if(!(Get-ChildItem -path $path -include $include -Recurse))

In the code block for the if statement, we first print out a message that states no PDF file was found, and we are going to create the marker file. The cool thing here is the way the expanding strings work. An expanding string is a double quotation mark. The advantage of an expanding string is that it will expand the value of a variable when it is placed in the quotation marks. Single quotation marks are literal quotation marks. What is placed inside them is what is printed out. Here are some examples of this:

PS C:\> $a = "string"
PS C:\> "$a is a string"
string is a string
PS C:\> '$a is a string'
$a is a string
PS C:\>

In our code block, after we have printed out a message, we then create the empty file in our folder. To do this we use the New-Item cmdlet. New-Item can be used to create files, folders, and other things as well. This is why it is called New-Item instead of New-File. To create a file, we use the -itemtype of file. To create a folder we use the -itemtype of directory. It is possible the file already exists in the directory. To handle this eventuality, we use the -force parameter, which will cause the command to overwrite the existing file. We do not want to clutter the screen with confirmation messages, so we pipe the returned information to the out-null cmdlet. This code is seen here:

{ 
    "No pdf was found in $path. Creating $path\$name marker file."
    New-Item -path $path -name $name -itemtype file -force |
    out-null
  } #end if not Get-Childitem

When no PDF files are found, we see this message:

The message shown when no PDF files are found

 

In the else clause, we need to handle the situation in which there are PDF files in the folder. We could just go ahead and delete the things, and then comment out the Read-Host line and the if and else clause. But this also gives me a chance to show you how to use read-host to solicit input from the user. The Read-Host cmdlet displays a prompt. If you want to capture the user response, use a variable to hold the results of the cmdlet. In this example, I use the variable $response to hold the user response. This section of the script is seen here:

ELSE
 {
  $response = Read-Host -prompt "PDF files were found. Do you wish to delete <y> /<n>?"

Do not use $input for the input to the read-host cmdlet, as $input is an automatically created variable that is used for other things in Windows PowerShell. It will cause strange things to happen if you use this variable for your own purposes.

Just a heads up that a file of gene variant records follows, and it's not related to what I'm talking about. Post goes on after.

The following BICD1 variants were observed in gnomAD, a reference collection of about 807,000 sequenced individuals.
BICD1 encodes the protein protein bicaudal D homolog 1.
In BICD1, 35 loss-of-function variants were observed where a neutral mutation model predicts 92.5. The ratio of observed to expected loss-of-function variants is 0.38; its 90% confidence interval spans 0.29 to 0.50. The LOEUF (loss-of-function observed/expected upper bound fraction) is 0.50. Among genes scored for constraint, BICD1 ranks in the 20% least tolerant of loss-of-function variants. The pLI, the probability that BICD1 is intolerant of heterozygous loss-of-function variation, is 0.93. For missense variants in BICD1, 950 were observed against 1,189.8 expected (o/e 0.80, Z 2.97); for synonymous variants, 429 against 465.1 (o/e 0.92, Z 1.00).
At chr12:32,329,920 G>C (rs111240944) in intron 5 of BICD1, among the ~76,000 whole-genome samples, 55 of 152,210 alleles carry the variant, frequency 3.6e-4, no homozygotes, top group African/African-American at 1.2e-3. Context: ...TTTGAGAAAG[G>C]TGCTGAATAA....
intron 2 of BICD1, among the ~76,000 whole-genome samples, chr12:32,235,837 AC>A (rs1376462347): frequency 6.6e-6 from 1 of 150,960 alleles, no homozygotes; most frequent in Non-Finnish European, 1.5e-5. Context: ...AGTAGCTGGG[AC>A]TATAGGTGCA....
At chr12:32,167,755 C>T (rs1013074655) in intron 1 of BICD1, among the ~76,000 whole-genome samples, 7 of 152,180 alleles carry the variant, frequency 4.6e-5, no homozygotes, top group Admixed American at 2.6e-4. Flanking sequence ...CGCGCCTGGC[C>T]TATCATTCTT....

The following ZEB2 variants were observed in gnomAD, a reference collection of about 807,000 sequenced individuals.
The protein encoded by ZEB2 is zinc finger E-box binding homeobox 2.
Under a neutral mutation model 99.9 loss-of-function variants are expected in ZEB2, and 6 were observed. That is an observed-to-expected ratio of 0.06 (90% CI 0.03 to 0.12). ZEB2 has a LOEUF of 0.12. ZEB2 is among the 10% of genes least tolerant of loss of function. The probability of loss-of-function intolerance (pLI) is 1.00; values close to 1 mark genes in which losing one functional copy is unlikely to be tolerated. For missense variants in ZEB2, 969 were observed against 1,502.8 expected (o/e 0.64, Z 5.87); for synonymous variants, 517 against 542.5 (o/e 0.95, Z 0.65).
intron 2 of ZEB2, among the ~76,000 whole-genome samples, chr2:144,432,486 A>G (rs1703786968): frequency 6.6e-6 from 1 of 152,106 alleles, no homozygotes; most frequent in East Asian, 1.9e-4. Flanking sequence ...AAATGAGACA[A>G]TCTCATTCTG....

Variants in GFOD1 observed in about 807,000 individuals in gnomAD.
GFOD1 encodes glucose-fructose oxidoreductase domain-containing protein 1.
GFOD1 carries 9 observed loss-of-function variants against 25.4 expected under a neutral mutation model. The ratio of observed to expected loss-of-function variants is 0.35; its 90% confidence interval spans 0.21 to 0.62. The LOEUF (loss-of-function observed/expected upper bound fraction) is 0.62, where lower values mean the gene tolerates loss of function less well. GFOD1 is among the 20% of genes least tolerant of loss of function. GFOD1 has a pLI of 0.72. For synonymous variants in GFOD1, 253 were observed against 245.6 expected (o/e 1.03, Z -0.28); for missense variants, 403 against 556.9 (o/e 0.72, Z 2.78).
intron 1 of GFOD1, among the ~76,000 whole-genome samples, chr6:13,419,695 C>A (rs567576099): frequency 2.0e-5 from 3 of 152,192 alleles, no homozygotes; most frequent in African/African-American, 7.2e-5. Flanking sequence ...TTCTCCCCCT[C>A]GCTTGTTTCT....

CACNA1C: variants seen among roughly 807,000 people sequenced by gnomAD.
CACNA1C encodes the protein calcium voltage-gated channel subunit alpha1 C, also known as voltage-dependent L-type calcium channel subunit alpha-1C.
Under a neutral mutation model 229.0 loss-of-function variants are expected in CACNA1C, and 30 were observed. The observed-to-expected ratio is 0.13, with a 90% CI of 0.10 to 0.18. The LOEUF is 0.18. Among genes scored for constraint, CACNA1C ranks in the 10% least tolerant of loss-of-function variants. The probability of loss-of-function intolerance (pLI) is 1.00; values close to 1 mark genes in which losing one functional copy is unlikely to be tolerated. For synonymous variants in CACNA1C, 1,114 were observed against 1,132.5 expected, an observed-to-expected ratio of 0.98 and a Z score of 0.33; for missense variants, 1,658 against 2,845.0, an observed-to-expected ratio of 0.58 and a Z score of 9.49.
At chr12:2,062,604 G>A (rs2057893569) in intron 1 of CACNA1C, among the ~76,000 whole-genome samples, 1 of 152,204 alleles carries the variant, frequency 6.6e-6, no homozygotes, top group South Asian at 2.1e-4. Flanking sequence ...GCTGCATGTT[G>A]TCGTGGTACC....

When we run the script and PDF files are found, we are greeted with this message:

The message shown when PDF files are found

 

We need to evaluate the response. To do this we use the if statement. In Windows PowerShell, we do not use the equals sign (=) for the equality operator. Instead, we use -eq, -ieq, and -ceq for equality. The first one is case insensitive, the second is likewise case insensitive, and the last one is the case sensitive equality operator. If the value of $response is equal to "y", we print out a message that states the PDF files will be deleted, and we once again use the Get-ChildItem cmdlet to provide a collection of all the PDF files in the folder. The cool thing is we pipeline the resulting information to the Remove-Item cmdlet, which deletes the files. This is seen here:

if($response -eq "y")
    {
     "Pdf files will be deleted."
     Get-ChildItem -path $path -include $include -recurse |
      Remove-Item
    } #end if response

When the user types "y", the screen changes as seen here:

The screen changes when the user types 'y'

 

But if the value of $response was anything other than "y", we print out a message that the files will not be deleted and we exit the script. This is seen here:

ELSE
   { 
    "PDF files will not be deleted."
   } #end else reponse
 } #end else not Get-Childitem

RU, hope U R satisfied with this script. Get it? Script you again soon.

Ed Wilson and Craig Liebendorfer, Scripting Guys